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Explore lunar phases as viewed from Earth using paper plates. While standing in the appropriate spot in the moon's orbit, students hold paper plates that depict the Moon's phase. This activity can be used to assess understanding of lunar phases or... (View More) to continue to build a conceptual model of the phases through kinesthetic activity. Related Next Generation Science Standards (NGSS) are listed. (View Less)
This unit consists of five activities, all of which focus on the response of plant life-cycle events to climate change. Students participate in discussions, field observations, data collection and analyses, plant identification, seed dispersal... (View More) comparisons, and graphing and analyses of plant phenology (timing of life-cycle events). Project BudBurst, a citizen science project which studies the impact of climate change on phenology, is integrated into this unit. The unit is one of four under the Chicago Botanic Garden curriculum entitled, "Climate Change in My Backyard." (View Less)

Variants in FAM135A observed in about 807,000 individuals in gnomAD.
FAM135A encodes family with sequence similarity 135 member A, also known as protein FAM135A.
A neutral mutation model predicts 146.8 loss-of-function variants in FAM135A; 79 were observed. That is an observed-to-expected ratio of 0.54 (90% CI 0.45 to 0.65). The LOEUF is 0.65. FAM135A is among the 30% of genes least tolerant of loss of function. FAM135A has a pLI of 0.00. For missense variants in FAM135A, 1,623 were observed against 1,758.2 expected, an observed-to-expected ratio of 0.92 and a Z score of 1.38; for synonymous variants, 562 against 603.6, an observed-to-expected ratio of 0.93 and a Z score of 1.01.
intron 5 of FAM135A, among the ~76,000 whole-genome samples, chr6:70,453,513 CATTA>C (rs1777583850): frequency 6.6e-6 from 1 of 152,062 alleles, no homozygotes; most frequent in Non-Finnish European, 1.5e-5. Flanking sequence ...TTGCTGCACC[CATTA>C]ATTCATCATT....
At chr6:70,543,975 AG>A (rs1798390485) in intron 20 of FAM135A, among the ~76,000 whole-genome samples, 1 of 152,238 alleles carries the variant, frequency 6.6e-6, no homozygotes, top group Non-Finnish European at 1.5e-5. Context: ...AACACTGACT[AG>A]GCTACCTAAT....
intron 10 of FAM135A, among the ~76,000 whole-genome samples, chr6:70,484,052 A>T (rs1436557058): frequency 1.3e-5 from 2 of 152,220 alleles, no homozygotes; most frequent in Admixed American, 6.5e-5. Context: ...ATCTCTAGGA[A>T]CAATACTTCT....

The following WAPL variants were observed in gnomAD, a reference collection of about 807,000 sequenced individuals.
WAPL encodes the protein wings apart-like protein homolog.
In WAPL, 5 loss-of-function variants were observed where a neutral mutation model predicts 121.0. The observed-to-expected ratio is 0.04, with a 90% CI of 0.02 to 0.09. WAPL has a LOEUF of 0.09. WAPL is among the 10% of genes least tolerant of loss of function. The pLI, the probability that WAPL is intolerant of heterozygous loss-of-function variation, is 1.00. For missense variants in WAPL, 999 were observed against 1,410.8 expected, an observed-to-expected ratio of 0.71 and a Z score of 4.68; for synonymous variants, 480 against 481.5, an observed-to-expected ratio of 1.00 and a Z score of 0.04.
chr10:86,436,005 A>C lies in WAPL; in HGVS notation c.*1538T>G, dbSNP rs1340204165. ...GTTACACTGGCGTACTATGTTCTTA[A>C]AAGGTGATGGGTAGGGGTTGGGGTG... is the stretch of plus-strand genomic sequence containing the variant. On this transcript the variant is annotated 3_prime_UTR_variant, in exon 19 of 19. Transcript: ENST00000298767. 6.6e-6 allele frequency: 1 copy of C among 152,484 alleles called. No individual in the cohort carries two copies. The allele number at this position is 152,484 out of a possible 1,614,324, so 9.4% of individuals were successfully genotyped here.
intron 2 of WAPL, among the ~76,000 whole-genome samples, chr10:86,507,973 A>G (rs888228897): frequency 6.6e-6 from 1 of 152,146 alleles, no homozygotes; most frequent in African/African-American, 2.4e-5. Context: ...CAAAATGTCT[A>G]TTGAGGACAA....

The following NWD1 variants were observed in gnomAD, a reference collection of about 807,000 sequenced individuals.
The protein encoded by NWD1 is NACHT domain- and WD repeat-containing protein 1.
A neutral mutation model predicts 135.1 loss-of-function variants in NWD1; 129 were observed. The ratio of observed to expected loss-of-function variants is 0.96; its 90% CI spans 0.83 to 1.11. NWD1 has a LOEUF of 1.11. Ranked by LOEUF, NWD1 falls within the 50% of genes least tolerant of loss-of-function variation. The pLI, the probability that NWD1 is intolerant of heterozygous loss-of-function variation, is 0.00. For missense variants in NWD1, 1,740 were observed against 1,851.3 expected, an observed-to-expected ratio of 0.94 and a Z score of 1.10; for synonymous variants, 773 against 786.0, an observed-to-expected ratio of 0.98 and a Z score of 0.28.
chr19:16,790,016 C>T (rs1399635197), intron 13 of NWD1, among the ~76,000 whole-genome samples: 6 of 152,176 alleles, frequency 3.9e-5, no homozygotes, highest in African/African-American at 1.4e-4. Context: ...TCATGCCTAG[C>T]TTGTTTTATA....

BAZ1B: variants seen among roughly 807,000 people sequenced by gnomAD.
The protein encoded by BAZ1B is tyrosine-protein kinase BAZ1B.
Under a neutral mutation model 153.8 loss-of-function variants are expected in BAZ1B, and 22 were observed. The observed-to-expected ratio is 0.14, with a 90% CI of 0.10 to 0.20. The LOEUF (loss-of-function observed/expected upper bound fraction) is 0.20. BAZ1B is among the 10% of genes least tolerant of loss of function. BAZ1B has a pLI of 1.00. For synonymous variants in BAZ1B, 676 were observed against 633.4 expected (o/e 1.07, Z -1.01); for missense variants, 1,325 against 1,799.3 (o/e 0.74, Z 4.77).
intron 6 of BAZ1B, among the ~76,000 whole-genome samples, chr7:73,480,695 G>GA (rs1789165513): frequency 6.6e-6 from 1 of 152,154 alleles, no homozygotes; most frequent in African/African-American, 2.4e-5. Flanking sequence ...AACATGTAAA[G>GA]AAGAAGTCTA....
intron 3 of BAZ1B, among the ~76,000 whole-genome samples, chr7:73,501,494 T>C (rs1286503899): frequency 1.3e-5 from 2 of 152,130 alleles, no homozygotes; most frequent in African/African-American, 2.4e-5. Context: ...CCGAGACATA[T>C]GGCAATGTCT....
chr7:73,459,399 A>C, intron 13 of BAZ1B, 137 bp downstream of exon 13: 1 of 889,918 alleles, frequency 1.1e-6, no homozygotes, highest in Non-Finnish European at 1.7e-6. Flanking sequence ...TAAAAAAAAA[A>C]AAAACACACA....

This unit consists of four activities. Students begin by examining temperature cycles (current, recent and historical) then add in factors such as carbon dioxide, precipitation and cloud cover to discover regional and global differences in the... (View More) effects of climate change. The unit is one of four under the Chicago Botanic Garden curriculum entitled, "Climate Change in My Backyard." (View Less)
This unit consists of two parts, each with several activities which require students to participate in investigations, discussions, computer data analysis, role-playing, and research. In Part 1, students examine the roles of Earth's energy balance... (View More) and the greenhouse effect in creating and affecting climate. Part 2 focuses on the biosphere as a system. Students examine the interactions of organisms, the effects of climate change on food webs, and the importance to humans of a healthy, intact ecosystem. The unit is one of four under the Chicago Botanic Garden curriculum entitled, "Climate Change in My Backyard." (View Less)
Learners will build a magnetometer, an instrument that can measure slight changes in Earth’s magnetic field that are caused by solar storms. This activity is from the DIY Sun Science app and is for ages 13 and up.
If you’ve ever seen a picture of a solar eclipse, you may have noticed that the Moon comes very close to covering the entire Sun. Learners will use a coin and a plate to investigate why the Sun and Moon look like they’re the same size, though... (View More) the Sun is much bigger. This activity is from the DIY Sun Science app and is for ages 7 and up. (View Less)